The most famous specialty of Sinj cuisine, recently protected as intangible cultural heritage. The dish’s name is probably derived from Turkish words harami – sinful, unlawful, and başi – head, leader, i. e. harambaša, the leader of the historical hajduci, a group of bandits, and in the Alka Tournament the leader of the Alka squires. The arambaši make one of the most important festive dishes, cooked on the occasion of Easter, Christmas, Assumption, the Alka, etc.

The traditional recipe for the arambaši:

Chop very fine one kilogramme of beef. Make a mixture for roux (pešt) of 2 red onions (kapula), 4-5 cloves of garlic, 15 dag smoked bacon and half the tuft of parsley (petrisimul). Add pepper, salt, nutmeg and the grated peel of a lemon to meat and leave it for an hour. Make the rolls wrapping up the mixture of meat and spices in pickled cabbage leaves. Put a beef bone in the common cooking or earthenware pot (bakra) and cover it with finely cut up pickled cabbage. Add a spoon of tomato purée (konšerva). Then place the rolls, arambaši, in the pot and cover them with cut up pickled cabbage. You can also add a few homemade pork sausages (sudžuk), a piece of prosciutto or smoked beef. Then pour in enough water to cover the arambaši and simmer for 2 hours. Serve the arambaši with smoked and cured meat and mashed potatoes. Prepared in this way, and if kept in a cool place, the arambaši will keep over the following week.

Although the technique of wrapping up stuffing and cooking food in its own juice dates back to Roman times, the practice of stuffing pickled cabbage leaves became widely popular only during the Middle Ages in Carolingian monasteries on the French-German border. Our region became familiar with the practice due to the influence of the Near East, which inherited it from the Byzantine Empire. In addition to pickled cabbage leaves, vine leaves as well as sweet cabbage leaves have been used for the preparation of stuffed rolls. Whereas the East has preferred the sweet variant, pickled cabbage variant has been more popular in our region. Known as sarma in Hungary and Slavonia, where it originated, it extended to the south where there have been many variants, and one of them the arambaši of Sinj.  


Traditional pastries of Sinj, one of the most important festive dishes.

The following ingredients are mixed into a pastry: 50 dag flour, 4 yolks, 12 dag cooking butter, 12 dag sugar, grated lemon peel and vanilla sugar. Roll out the pastry thinly. Then cut it with a glass or mould it into round-shaped pieces. On each piece put a teaspoonful of filling (25 dag roast and minced almonds, 25 dag caster sugar, 2 eggs or whisked 2-4 egg whites, grated lemon peel, juice of a lemon half, a bit of vanilla, maraschino liqueur and a piece of grated chocolate). Smear the edges of the rafioli with the egg white, making sure that they are properly sealed. Then press down gently on the rafioli, put them in an oiled baking dish (tepsija) and bake over middle heat.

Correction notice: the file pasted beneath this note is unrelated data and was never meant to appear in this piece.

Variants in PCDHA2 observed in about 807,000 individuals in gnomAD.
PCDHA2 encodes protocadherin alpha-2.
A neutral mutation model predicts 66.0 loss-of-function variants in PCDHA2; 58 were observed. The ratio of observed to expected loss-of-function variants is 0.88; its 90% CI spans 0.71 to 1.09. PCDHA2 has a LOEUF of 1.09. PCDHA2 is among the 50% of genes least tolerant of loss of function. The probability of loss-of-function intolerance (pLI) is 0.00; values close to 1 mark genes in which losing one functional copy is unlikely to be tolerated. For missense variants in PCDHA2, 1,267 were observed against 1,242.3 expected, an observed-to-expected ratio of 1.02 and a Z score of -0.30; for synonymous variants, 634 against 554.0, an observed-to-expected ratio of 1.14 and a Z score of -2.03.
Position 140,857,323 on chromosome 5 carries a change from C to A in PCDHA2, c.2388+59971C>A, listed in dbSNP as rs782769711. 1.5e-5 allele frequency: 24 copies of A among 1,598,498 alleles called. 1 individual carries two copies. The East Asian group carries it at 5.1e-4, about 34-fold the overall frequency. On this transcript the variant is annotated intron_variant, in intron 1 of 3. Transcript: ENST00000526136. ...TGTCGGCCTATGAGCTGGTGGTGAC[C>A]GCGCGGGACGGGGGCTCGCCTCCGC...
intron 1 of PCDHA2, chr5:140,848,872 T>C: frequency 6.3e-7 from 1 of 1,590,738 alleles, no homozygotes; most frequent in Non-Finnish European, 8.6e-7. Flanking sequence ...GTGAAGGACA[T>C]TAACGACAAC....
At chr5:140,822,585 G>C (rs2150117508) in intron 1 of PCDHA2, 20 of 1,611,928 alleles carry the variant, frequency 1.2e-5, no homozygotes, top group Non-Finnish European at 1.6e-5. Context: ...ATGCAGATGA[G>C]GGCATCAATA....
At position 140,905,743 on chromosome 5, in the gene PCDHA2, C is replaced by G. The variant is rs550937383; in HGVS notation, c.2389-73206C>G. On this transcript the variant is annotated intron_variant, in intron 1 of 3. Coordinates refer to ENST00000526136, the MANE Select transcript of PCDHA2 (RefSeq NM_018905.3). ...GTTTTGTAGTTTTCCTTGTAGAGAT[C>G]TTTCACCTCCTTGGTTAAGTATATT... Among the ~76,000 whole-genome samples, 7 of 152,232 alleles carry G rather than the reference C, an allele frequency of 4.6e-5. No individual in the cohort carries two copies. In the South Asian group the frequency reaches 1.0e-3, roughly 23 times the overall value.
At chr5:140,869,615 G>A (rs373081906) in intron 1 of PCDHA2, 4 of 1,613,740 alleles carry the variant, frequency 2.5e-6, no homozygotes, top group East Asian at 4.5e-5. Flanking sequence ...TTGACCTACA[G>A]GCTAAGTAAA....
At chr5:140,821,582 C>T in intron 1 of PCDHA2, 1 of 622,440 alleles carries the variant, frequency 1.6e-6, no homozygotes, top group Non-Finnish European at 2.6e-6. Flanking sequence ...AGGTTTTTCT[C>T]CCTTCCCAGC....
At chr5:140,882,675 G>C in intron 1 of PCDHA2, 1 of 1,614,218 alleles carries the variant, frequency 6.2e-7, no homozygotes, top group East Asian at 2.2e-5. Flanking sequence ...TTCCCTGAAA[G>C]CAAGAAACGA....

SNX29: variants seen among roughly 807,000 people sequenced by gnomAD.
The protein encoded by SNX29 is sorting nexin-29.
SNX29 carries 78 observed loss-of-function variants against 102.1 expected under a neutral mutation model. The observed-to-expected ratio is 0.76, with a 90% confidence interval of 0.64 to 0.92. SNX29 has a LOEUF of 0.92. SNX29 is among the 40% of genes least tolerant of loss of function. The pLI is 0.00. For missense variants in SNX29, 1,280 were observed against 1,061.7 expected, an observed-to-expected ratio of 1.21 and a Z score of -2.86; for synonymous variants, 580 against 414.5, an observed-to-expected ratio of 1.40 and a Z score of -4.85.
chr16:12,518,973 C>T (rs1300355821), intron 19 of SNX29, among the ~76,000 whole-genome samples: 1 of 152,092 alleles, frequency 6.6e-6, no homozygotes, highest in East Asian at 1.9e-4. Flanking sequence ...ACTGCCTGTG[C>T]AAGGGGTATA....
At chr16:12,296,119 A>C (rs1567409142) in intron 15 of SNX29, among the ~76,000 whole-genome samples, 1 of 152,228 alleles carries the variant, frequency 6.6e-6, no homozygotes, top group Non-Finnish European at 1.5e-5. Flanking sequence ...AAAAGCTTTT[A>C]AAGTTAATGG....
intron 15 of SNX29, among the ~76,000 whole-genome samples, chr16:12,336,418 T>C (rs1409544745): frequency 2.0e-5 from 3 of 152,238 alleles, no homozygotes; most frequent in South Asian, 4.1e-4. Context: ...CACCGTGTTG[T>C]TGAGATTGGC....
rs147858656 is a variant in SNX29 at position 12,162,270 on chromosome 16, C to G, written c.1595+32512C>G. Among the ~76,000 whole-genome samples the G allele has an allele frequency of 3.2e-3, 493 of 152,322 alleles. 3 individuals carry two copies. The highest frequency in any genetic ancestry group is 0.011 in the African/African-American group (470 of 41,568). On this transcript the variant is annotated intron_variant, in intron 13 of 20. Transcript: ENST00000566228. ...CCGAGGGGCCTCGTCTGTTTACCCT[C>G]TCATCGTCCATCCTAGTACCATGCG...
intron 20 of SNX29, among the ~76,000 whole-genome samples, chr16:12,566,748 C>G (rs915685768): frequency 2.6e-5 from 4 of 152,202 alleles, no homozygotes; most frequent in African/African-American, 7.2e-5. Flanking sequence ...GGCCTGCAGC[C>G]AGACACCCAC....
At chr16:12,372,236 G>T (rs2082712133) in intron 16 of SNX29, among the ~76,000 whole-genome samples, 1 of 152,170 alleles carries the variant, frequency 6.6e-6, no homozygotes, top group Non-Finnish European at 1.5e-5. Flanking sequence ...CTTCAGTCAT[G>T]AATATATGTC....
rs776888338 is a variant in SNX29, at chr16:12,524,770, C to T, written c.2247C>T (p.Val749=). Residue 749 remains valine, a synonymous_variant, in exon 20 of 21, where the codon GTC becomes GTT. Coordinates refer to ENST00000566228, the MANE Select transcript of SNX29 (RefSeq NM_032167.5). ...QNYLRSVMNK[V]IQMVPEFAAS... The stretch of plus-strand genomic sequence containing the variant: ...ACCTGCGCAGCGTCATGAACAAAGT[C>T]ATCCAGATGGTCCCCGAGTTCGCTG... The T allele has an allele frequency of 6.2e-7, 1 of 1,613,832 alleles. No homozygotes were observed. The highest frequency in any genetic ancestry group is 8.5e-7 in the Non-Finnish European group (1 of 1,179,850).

Sift and salt 1 kg of wheat flour, add 2 whole eggs, 2 spoonfuls of sugar and warm water as absorbed by the flour. It is advised to add a bit of grape brandy so that the fat would not be concentrated in the batter when fried. Mix the ingredients hard with a spoon – the batter should be liquid. Put a lot of melted butter in the pan. When it is warmed up, the batter is poured out in the pan. The usual measure for one uštipak is the amount held by a ladle. The uštipci should be long and thin. Dust them with caster sugar while hot.



- 1 1/4 boiled quinces, ca 3 kg crisp quinces

- 1 kg sugar

- 1/2 litre water

- lemon juice (3 lemons)

Wash, peel and core the quinces. Then chop them and place them in a saucepan. Pour in enough water to cover the quinces and simmer until they are tender. Rub the flesh of the fruit through a fine sieve so that you get a purée. Boil sugar and water until water boils away completely. Then add the quince mixture and cook for around 30 minutes over high heat. While it is cooked, add lemon juice. Oil the moulds or rinse them in cold water. Use water in which you previously cooked the quinces for cooking both jelly and quince peel until the latter is completely tender.Recipe of Mrs Marija Trek


(Dalmatinska kuhinja / Dalmatian Cookery Book, Dika Marjanović-Radica)


- rabbit
- garlic
- bacon
- a few peppercorns
- a bunch of rosemary
- 2 glasses of oil
- half a glass of red wine vinegar
- half a glass of red wine and red wine vinegar
- 3-4 sugar lumps

Dress (špikovanje) cleaned rabbit meat with garlic and thin-sliced bacon strips. Sprinkle it with salt and place it in a baking dish (tepsija). Pour the oil (1 glass) and red wine vinegar over it and add peppercorns and rosemary.

When rabbit meat is sealed on all sides, cut it up finely and place it in a saucepan. Pour the oil and strained gravy over it. Pour also around it half a glass of red wine and red wine vinegar. Add also 3-4 sugar lumps, shake the saucepan, cover it and let simmer until thickened.



- lamb tripe
- 2 spoonfuls lard
- a bit of onion
- 2 carrots
- pepper and salt
- 25 dag French beans or peas
- a bit of sataraš (vegetable dish)
- roux (browned mixture of fat and flour)
- soup-stock
- 25 dag homemade noodles

Clean and rinse lamb tripe and let it boil briefly. Heat the lard in a saucepan, add chopped onion and fry until tender (užutiti). Add cut up tripe and fry it to a golden brown in the lard (da se užute). Then add two carrots, pepper and 25 dag chopped French beans (peas). Stir in a bit of roux and soup-stock. When the mixture is well cooked, add 25 dag homemade noodles and let simmer until completely tender.

Text by: Mario Despotović